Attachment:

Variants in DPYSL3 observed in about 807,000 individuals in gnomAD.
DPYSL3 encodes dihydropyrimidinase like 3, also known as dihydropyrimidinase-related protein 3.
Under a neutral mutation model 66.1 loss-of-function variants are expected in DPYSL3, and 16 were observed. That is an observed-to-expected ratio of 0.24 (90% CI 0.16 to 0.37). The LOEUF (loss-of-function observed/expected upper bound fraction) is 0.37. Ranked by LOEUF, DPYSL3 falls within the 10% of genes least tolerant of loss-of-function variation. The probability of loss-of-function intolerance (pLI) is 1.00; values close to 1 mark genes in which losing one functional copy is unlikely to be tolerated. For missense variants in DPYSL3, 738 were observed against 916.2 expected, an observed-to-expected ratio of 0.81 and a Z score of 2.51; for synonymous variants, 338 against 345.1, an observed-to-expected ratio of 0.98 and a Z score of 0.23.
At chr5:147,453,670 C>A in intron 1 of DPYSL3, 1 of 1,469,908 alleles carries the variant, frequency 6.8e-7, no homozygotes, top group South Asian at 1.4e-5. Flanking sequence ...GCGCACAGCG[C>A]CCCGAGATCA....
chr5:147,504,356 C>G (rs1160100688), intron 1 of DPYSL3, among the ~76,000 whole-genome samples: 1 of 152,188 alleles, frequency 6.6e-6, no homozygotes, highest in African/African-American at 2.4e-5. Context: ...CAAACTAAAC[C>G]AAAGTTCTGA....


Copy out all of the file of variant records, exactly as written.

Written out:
Variants in DPYSL3 observed in about 807,000 individuals in gnomAD.
DPYSL3 encodes dihydropyrimidinase like 3, also known as dihydropyrimidinase-related protein 3.
Under a neutral mutation model 66.1 loss-of-function variants are expected in DPYSL3, and 16 were observed. That is an observed-to-expected ratio of 0.24 (90% CI 0.16 to 0.37). The LOEUF (loss-of-function observed/expected upper bound fraction) is 0.37. Ranked by LOEUF, DPYSL3 falls within the 10% of genes least tolerant of loss-of-function variation. The probability of loss-of-function intolerance (pLI) is 1.00; values close to 1 mark genes in which losing one functional copy is unlikely to be tolerated. For missense variants in DPYSL3, 738 were observed against 916.2 expected, an observed-to-expected ratio of 0.81 and a Z score of 2.51; for synonymous variants, 338 against 345.1, an observed-to-expected ratio of 0.98 and a Z score of 0.23.
At chr5:147,453,670 C>A in intron 1 of DPYSL3, 1 of 1,469,908 alleles carries the variant, frequency 6.8e-7, no homozygotes, top group South Asian at 1.4e-5. Flanking sequence ...GCGCACAGCG[C>A]CCCGAGATCA....
chr5:147,504,356 C>G (rs1160100688), intron 1 of DPYSL3, among the ~76,000 whole-genome samples: 1 of 152,188 alleles, frequency 6.6e-6, no homozygotes, highest in African/African-American at 2.4e-5. Context: ...CAAACTAAAC[C>G]AAAGTTCTGA....